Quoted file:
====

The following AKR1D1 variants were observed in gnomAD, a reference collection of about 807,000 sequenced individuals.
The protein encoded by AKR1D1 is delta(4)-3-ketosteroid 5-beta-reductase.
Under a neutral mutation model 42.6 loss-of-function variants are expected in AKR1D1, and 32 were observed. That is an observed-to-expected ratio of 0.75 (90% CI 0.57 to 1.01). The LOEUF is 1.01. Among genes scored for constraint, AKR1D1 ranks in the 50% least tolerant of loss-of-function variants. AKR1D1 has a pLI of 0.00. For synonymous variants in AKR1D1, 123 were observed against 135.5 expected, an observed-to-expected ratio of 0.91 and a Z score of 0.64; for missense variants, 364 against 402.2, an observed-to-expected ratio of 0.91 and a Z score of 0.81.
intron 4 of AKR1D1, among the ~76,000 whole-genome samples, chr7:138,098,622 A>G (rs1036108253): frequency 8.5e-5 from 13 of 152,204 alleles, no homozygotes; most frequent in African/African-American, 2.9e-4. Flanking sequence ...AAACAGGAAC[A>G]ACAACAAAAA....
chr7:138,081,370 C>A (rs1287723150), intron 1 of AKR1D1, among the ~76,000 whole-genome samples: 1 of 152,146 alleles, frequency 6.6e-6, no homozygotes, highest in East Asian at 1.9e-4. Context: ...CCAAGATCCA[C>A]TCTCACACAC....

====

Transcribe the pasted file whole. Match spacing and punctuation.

The following AKR1D1 variants were observed in gnomAD, a reference collection of about 807,000 sequenced individuals.
The protein encoded by AKR1D1 is delta(4)-3-ketosteroid 5-beta-reductase.
Under a neutral mutation model 42.6 loss-of-function variants are expected in AKR1D1, and 32 were observed. That is an observed-to-expected ratio of 0.75 (90% CI 0.57 to 1.01). The LOEUF is 1.01. Among genes scored for constraint, AKR1D1 ranks in the 50% least tolerant of loss-of-function variants. AKR1D1 has a pLI of 0.00. For synonymous variants in AKR1D1, 123 were observed against 135.5 expected, an observed-to-expected ratio of 0.91 and a Z score of 0.64; for missense variants, 364 against 402.2, an observed-to-expected ratio of 0.91 and a Z score of 0.81.
intron 4 of AKR1D1, among the ~76,000 whole-genome samples, chr7:138,098,622 A>G (rs1036108253): frequency 8.5e-5 from 13 of 152,204 alleles, no homozygotes; most frequent in African/African-American, 2.9e-4. Flanking sequence ...AAACAGGAAC[A>G]ACAACAAAAA....
chr7:138,081,370 C>A (rs1287723150), intron 1 of AKR1D1, among the ~76,000 whole-genome samples: 1 of 152,146 alleles, frequency 6.6e-6, no homozygotes, highest in East Asian at 1.9e-4. Context: ...CCAAGATCCA[C>A]TCTCACACAC....